Artificial neural network model of survival in patients treated with irradiation with and without concurrent chemotherapy for advanced carcinoma of the head and neck.
PURPOSE: This study was performed to investigate the feasibility of predicting survival in squamous cell carcinoma of the head and neck (SCCHN) with an artificial neural network (ANN), and to compare ANN performance with conventional models. METHODS AND MATERIALS: Data were analyzed from a Phase III trial in which patients with locally advanced SCCHN received hyperfractionated irradiation with or without concurrent cisplatin and 5-fluorouracil. Of the 116 randomized patients, 95 who had 2-year follow-up and all required data were evaluated. ANN and logistic regression (LR) models were constructed to predict 2-year total survival using round-robin cross-validation. A modified staging model was also examined. RESULTS: The best LR model used tumor size, nodal stage, and race to predict survival. The best ANN used nodal stage, tumor size, stage, and resectability, and hemoglobin. Treatment type did not predict 2-year survival and was not included in either model. Using the respective best feature sets, the area under the receiver operating characteristic curve (Az) for the ANN was 0.78 +/- 0.05, showing more accurate overall performance than LR (Az = 0.67 +/- 0.05, p = 0.07). At 70% sensitivity, the ANN was 72% specific, while LR was 54% specific (p = 0.08). At 70% specificity, the ANN was 72% sensitive, while LR was 54% sensitive (p = 0.07). When both models used the five predictive variables best for an ANN, Az for LR decreased [Az = 0.61 +/- 0.06, p < 0.01 (ANN)]. The models performed equivalently when using the three variables best for LR. The best ANN also compared favorably with staging [Az = 0.60 +/- 0.07, p = 0.02 (ANN)]. CONCLUSIONS: An ANN modeled 2-year survival in this data set more accurately than LR or staging models and employed predictive variables that could not be used by LR. Further work is planned to confirm these results on larger patient samples, examining longer follow-up to incorporate treatment type into the model.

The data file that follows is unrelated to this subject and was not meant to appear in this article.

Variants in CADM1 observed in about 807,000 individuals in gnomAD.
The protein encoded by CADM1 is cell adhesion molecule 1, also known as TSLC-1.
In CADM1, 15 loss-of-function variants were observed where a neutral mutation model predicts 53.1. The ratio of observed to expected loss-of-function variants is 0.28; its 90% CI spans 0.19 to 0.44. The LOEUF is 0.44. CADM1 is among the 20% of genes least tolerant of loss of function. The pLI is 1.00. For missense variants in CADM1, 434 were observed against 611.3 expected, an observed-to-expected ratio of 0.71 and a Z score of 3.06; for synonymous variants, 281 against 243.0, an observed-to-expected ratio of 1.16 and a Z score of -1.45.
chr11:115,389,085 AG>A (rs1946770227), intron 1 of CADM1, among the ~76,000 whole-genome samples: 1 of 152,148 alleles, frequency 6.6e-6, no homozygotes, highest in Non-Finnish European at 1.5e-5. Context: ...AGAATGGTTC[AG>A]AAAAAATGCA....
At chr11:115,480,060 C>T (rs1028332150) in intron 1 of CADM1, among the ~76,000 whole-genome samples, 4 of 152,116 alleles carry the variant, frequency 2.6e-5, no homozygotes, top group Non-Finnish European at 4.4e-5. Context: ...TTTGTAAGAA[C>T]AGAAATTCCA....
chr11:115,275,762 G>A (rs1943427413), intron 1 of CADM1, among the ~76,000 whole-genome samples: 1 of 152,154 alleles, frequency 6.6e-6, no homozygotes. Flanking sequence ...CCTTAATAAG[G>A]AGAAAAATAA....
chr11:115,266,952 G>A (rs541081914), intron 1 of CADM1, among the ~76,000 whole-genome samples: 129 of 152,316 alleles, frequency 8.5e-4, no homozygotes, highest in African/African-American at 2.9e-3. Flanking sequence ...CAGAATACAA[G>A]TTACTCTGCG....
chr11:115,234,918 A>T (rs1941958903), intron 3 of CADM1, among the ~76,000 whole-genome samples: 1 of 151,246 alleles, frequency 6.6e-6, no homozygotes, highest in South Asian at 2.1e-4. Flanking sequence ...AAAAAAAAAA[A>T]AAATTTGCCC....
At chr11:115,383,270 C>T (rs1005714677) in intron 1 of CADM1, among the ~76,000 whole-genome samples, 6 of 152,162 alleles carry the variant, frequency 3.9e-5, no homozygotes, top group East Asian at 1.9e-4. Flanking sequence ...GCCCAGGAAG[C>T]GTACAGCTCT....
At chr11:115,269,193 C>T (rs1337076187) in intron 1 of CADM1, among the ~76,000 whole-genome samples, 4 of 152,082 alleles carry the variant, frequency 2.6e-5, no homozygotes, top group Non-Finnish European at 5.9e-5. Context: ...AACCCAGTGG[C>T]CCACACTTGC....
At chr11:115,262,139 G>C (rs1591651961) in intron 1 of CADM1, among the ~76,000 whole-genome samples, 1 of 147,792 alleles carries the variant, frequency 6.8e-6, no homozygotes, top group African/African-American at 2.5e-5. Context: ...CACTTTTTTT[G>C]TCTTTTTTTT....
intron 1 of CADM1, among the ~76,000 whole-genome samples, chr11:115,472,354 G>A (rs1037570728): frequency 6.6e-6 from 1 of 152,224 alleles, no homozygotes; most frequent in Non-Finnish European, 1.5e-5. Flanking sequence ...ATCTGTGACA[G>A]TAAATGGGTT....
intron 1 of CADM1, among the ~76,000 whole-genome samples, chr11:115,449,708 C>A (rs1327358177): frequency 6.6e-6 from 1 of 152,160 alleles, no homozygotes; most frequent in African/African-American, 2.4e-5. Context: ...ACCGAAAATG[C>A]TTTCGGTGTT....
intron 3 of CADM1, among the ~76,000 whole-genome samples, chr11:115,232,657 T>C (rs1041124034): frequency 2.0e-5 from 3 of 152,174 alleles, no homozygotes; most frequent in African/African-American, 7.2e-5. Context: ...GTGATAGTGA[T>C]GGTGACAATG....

Bryce, TJ; Dewhirst, MW; Floyd, CE; Hars, V; Brizel, DM
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